Tips for Facing Change
By Bill Tice
Almost 50 attendees took in a one-day seminar at the FP Innovations Vancouver facility in early March where they heard presenters talk about everything from market trends and upcoming opportunities to software solutions and tax incentive programs. The seminar, called “Facing Change in the Wood Manufacturing Industry,” was an opportunity for wood products manufacturers to pick up ideas and tips on how to maximize potential during the current turbulent economic times. Some of the concepts presented at the seminar are also applicable to the log supply side of the business.
By Bill Tice
Roland Baumeister of FP Innovations provided the opening remarks, followed by an informative and forward-looking presentation by Dave Fell, a market advisor with the organization. In his remarks, Fell discussed a US National Association of Home Builders (NAHB) 2006 survey that depicted what the landscape would look like in 10 years. One of the biggest findings was that home sizes would likely decrease by an average of 200 square feet, but with that reduction would come an opportunity for better and more prominent finishing.
“We are seeing the elimination of the living room and a move to more of a great room, which gives the illusion of more space,” explains Fell. “Visually, that means we will have a more open concept and you will see more of the cabinets, so the finishing needs to be better. You will see more built in cabinets that need to be of furniture quality and character and you are going to see an increase in the number of bathrooms in a house, which will also create demand for cabinets.”
Fell says the demand for wood products won’t be limited to the cabinet shop. “We are also going to see 9 and 10 ft. ceilings becoming the standard and 12 ft. ceilings in premium homes, so that is going to create a need for adjustments in the primary mills that are currently geared towards 8 ft. studs.” In addition, he says this trend will have an impact on doors and windows, with consumers favouring higher priced products manufactured from wood that are sized in proportion to the higher walls.
When asked if higher quality wood products used in finishing would provide a trickle down effect that might represent premiums to the logging and log supply side of the business for high quality logs, Fell noted in his opinion, premium grades are already recovered from many logs for high grade visual lumber. He says the biggest impact on the logging side may be around sustainability, and in particular certification. “We are getting more and more enquiries about certified wood, especially from offshore companies looking for logs, cants and lumber,” he says. “And, we are seeing movements by LEED towards having the Sustainable Forestry Initiative (SFI) and the Canadian Standards Association (CSA) certification programs recognized in their standards. They already recognize the Forest Stewardship Council (FSC) certification and Green Globes recognizes all three. As for a premium for certified products, sometimes there is one, and sometimes there isn’t, but you can be in more markets if you have certified products.”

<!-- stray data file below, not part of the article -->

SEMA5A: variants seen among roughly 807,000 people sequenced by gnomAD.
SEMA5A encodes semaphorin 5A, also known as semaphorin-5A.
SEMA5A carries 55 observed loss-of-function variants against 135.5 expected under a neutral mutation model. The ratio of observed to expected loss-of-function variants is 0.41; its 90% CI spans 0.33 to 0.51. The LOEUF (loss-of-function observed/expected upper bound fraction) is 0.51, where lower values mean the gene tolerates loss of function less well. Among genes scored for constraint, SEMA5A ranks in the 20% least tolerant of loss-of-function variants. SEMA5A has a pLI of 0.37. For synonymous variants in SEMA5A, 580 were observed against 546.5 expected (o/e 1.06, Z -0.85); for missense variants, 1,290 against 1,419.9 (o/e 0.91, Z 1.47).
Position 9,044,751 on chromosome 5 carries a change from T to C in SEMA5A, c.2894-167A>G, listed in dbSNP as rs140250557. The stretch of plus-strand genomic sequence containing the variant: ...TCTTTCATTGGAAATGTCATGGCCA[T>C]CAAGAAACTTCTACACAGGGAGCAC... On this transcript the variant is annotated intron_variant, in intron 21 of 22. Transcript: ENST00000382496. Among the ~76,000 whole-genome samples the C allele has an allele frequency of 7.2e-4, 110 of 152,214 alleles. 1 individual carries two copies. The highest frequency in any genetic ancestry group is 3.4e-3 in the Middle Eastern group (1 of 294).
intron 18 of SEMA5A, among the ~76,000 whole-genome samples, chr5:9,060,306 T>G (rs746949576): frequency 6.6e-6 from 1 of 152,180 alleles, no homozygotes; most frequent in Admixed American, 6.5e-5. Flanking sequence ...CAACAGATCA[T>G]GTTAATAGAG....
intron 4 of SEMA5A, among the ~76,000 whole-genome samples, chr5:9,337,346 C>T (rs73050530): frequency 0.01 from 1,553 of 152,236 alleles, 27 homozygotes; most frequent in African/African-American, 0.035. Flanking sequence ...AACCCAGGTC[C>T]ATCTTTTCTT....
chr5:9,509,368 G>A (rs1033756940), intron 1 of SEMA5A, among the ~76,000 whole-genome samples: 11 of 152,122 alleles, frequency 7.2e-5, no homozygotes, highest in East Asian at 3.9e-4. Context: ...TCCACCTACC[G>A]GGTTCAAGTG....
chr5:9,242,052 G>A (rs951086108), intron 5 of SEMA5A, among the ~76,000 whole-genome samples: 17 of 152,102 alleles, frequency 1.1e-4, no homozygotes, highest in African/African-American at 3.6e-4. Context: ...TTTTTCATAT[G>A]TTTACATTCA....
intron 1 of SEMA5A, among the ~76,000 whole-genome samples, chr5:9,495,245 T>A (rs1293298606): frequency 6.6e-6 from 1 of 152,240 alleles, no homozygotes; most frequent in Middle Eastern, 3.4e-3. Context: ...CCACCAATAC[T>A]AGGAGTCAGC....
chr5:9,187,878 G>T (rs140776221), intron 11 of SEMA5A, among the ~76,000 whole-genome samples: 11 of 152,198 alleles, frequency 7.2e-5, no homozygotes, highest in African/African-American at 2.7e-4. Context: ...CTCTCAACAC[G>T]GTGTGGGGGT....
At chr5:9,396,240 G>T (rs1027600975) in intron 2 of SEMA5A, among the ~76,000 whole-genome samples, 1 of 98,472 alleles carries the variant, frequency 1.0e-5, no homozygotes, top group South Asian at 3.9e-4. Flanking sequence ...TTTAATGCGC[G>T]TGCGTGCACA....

Fell is adamant that there is a market for all types of logs and grades of wood products in both the primary and secondary industries and points to the mountain pine beetle wood and blow down wood as examples. “We have always had blue stain wood in BC, we just have more of it right now, but that stain has become an attribute of the product in some markets.” He points to a wood floor manufacturer on Vancouver Island that is capitalizing on the “blue stain” look and he says that same company has created a niche market for storm damaged fir resulting from a major blow down in Vancouver’s Stanley Park.
Sustainability was also the main topic of the second speaker, Janice Gardner, who was representing “The Natural Step,” a global not-for-profit organization with the mission of promoting real change toward a sustainable world. Gardner, who is an industrial designer and sociologist, told the audience that the wood products industry is starting the sustainability process with an advantage as they are dealing with wood. “There’s a lot of buzz about sustainability in your industry,” she says. “You deal with wood. Wood is a tree. Trees are photosynthesis. Trees are what create net order for us.”
Although most of Gardner’s talk related to sustainability in the manufacturing world, following her presentation she commented briefly on sustainability, and in particular certification, in the logging side of the business. “The certification process supports the principles of sustainability and they are created so that you don’t have to think about where the wood is coming from,” she explains. “It’s a way to make it easier for you to be sustainable. If you buy a certified product, you know the certifiers have done the work for you. That has the potential to create value right now for companies that provide certified wood, but eventually, it will become the norm as it has in Europe.”
The presenters switched gears late in the morning with Jeffrey Beacom of Business Development Canada (BDC) talking about tax incentives and financial tips, followed by a keynote address by Art Raymond of A.G. Raymond and Co. and afternoon technical sessions on software, new tooling improvements and automation and CNC.